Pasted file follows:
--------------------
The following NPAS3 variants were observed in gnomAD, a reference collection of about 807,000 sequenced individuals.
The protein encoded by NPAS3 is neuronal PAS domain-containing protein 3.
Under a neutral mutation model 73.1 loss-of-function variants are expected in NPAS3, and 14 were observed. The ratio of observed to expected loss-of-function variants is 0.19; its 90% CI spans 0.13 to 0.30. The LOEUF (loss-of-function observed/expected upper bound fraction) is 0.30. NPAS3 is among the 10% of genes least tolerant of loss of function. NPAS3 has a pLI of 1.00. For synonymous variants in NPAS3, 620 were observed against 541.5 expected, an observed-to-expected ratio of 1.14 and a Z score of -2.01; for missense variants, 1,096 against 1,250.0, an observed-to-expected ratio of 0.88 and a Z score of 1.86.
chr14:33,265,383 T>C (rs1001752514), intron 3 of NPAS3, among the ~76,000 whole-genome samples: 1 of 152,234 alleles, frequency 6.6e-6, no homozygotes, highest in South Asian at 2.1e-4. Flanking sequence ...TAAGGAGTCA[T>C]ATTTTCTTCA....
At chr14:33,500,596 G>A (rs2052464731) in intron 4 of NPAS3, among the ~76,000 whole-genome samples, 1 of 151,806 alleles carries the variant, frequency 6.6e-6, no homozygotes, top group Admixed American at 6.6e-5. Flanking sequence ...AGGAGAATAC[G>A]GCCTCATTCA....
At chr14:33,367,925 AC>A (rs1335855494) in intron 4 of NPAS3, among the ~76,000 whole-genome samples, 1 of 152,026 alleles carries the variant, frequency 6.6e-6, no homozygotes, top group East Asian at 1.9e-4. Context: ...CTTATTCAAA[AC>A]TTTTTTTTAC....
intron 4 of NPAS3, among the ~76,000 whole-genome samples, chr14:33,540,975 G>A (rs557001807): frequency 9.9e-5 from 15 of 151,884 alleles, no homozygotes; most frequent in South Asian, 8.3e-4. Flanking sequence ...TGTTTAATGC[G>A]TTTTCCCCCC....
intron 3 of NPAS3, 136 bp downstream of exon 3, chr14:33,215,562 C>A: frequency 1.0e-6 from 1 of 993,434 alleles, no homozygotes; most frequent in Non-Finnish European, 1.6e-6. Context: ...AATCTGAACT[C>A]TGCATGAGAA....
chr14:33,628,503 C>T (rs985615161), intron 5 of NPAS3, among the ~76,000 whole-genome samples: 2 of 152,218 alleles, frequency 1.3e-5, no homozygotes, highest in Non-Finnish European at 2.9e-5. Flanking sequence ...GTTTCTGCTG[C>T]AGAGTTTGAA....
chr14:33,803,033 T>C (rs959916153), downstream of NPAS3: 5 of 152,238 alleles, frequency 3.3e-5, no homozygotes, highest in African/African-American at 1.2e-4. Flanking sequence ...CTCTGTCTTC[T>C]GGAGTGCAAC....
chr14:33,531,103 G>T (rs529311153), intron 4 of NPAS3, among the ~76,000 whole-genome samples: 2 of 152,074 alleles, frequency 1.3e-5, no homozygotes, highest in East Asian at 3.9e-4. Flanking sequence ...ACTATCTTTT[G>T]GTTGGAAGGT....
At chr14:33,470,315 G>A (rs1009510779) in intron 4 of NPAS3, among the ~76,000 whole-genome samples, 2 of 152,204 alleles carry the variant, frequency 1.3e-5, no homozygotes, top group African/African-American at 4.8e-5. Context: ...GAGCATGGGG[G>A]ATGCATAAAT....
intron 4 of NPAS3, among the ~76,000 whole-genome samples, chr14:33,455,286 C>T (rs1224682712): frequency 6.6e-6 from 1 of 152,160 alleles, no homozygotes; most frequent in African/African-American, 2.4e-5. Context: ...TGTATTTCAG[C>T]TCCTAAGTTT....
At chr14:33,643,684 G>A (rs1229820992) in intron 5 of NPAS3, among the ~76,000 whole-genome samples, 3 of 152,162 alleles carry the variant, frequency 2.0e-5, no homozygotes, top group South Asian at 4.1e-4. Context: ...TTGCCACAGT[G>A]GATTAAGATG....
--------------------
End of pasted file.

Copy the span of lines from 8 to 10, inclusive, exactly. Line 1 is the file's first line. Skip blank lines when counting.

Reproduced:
intron 3 of NPAS3, 136 bp downstream of exon 3, chr14:33,215,562 C>A: frequency 1.0e-6 from 1 of 993,434 alleles, no homozygotes; most frequent in Non-Finnish European, 1.6e-6. Context: ...AATCTGAACT[C>A]TGCATGAGAA....
chr14:33,628,503 C>T (rs985615161), intron 5 of NPAS3, among the ~76,000 whole-genome samples: 2 of 152,218 alleles, frequency 1.3e-5, no homozygotes, highest in Non-Finnish European at 2.9e-5. Flanking sequence ...GTTTCTGCTG[C>T]AGAGTTTGAA....
chr14:33,803,033 T>C (rs959916153), downstream of NPAS3: 5 of 152,238 alleles, frequency 3.3e-5, no homozygotes, highest in African/African-American at 1.2e-4. Flanking sequence ...CTCTGTCTTC[T>C]GGAGTGCAAC....